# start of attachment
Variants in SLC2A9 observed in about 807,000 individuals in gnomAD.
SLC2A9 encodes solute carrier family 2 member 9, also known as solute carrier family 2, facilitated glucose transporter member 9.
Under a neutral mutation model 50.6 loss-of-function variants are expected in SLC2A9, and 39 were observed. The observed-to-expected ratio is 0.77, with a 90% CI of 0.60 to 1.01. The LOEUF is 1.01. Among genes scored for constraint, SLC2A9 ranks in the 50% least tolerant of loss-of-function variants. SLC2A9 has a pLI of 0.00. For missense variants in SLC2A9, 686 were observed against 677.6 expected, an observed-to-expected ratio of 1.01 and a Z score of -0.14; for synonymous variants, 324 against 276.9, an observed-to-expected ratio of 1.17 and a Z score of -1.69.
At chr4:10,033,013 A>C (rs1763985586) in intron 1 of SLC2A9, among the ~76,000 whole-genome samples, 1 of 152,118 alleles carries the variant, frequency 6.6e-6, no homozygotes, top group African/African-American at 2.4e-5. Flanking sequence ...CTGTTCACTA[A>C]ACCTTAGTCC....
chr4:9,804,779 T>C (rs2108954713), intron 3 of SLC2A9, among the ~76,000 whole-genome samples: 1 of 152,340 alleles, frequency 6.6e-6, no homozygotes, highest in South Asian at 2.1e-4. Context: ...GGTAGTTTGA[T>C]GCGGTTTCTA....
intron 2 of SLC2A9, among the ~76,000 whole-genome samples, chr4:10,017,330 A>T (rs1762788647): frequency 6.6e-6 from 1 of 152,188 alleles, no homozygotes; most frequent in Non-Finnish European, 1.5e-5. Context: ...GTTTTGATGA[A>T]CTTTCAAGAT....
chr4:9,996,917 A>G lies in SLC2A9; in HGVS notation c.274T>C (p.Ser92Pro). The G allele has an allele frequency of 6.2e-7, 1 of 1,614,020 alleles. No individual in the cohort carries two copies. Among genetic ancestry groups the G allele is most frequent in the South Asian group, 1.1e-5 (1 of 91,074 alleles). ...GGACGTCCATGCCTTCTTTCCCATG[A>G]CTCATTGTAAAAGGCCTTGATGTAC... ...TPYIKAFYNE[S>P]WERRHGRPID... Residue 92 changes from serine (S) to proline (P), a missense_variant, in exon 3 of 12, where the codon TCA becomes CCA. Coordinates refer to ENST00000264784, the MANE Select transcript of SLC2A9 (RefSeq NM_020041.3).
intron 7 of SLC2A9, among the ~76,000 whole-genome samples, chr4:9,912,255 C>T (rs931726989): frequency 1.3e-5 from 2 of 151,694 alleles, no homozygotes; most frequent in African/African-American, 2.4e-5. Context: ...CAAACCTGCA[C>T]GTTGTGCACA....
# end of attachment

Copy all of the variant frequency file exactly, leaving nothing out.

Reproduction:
Variants in SLC2A9 observed in about 807,000 individuals in gnomAD.
SLC2A9 encodes solute carrier family 2 member 9, also known as solute carrier family 2, facilitated glucose transporter member 9.
Under a neutral mutation model 50.6 loss-of-function variants are expected in SLC2A9, and 39 were observed. The observed-to-expected ratio is 0.77, with a 90% CI of 0.60 to 1.01. The LOEUF is 1.01. Among genes scored for constraint, SLC2A9 ranks in the 50% least tolerant of loss-of-function variants. SLC2A9 has a pLI of 0.00. For missense variants in SLC2A9, 686 were observed against 677.6 expected, an observed-to-expected ratio of 1.01 and a Z score of -0.14; for synonymous variants, 324 against 276.9, an observed-to-expected ratio of 1.17 and a Z score of -1.69.
At chr4:10,033,013 A>C (rs1763985586) in intron 1 of SLC2A9, among the ~76,000 whole-genome samples, 1 of 152,118 alleles carries the variant, frequency 6.6e-6, no homozygotes, top group African/African-American at 2.4e-5. Flanking sequence ...CTGTTCACTA[A>C]ACCTTAGTCC....
chr4:9,804,779 T>C (rs2108954713), intron 3 of SLC2A9, among the ~76,000 whole-genome samples: 1 of 152,340 alleles, frequency 6.6e-6, no homozygotes, highest in South Asian at 2.1e-4. Context: ...GGTAGTTTGA[T>C]GCGGTTTCTA....
intron 2 of SLC2A9, among the ~76,000 whole-genome samples, chr4:10,017,330 A>T (rs1762788647): frequency 6.6e-6 from 1 of 152,188 alleles, no homozygotes; most frequent in Non-Finnish European, 1.5e-5. Context: ...GTTTTGATGA[A>T]CTTTCAAGAT....
chr4:9,996,917 A>G lies in SLC2A9; in HGVS notation c.274T>C (p.Ser92Pro). The G allele has an allele frequency of 6.2e-7, 1 of 1,614,020 alleles. No individual in the cohort carries two copies. Among genetic ancestry groups the G allele is most frequent in the South Asian group, 1.1e-5 (1 of 91,074 alleles). ...GGACGTCCATGCCTTCTTTCCCATG[A>G]CTCATTGTAAAAGGCCTTGATGTAC... ...TPYIKAFYNE[S>P]WERRHGRPID... Residue 92 changes from serine (S) to proline (P), a missense_variant, in exon 3 of 12, where the codon TCA becomes CCA. Coordinates refer to ENST00000264784, the MANE Select transcript of SLC2A9 (RefSeq NM_020041.3).
intron 7 of SLC2A9, among the ~76,000 whole-genome samples, chr4:9,912,255 C>T (rs931726989): frequency 1.3e-5 from 2 of 151,694 alleles, no homozygotes; most frequent in African/African-American, 2.4e-5. Context: ...CAAACCTGCA[C>T]GTTGTGCACA....